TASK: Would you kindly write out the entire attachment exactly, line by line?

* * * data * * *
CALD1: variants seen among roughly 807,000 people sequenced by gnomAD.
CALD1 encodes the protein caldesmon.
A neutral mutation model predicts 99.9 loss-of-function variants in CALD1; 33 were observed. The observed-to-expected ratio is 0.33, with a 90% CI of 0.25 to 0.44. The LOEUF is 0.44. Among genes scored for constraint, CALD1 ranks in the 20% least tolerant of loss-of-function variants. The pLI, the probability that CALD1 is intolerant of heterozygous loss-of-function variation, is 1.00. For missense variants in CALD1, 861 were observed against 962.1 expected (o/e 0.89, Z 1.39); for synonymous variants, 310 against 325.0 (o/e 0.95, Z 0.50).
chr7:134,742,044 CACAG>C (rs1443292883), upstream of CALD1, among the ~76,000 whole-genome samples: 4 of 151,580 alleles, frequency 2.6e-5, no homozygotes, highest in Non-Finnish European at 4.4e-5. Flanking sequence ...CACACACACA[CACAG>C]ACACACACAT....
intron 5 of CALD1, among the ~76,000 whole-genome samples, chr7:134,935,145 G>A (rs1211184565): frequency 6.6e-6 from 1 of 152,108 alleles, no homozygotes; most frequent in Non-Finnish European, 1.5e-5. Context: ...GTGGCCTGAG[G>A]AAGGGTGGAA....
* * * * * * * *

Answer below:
CALD1: variants seen among roughly 807,000 people sequenced by gnomAD.
CALD1 encodes the protein caldesmon.
A neutral mutation model predicts 99.9 loss-of-function variants in CALD1; 33 were observed. The observed-to-expected ratio is 0.33, with a 90% CI of 0.25 to 0.44. The LOEUF is 0.44. Among genes scored for constraint, CALD1 ranks in the 20% least tolerant of loss-of-function variants. The pLI, the probability that CALD1 is intolerant of heterozygous loss-of-function variation, is 1.00. For missense variants in CALD1, 861 were observed against 962.1 expected (o/e 0.89, Z 1.39); for synonymous variants, 310 against 325.0 (o/e 0.95, Z 0.50).
chr7:134,742,044 CACAG>C (rs1443292883), upstream of CALD1, among the ~76,000 whole-genome samples: 4 of 151,580 alleles, frequency 2.6e-5, no homozygotes, highest in Non-Finnish European at 4.4e-5. Flanking sequence ...CACACACACA[CACAG>C]ACACACACAT....
intron 5 of CALD1, among the ~76,000 whole-genome samples, chr7:134,935,145 G>A (rs1211184565): frequency 6.6e-6 from 1 of 152,108 alleles, no homozygotes; most frequent in Non-Finnish European, 1.5e-5. Context: ...GTGGCCTGAG[G>A]AAGGGTGGAA....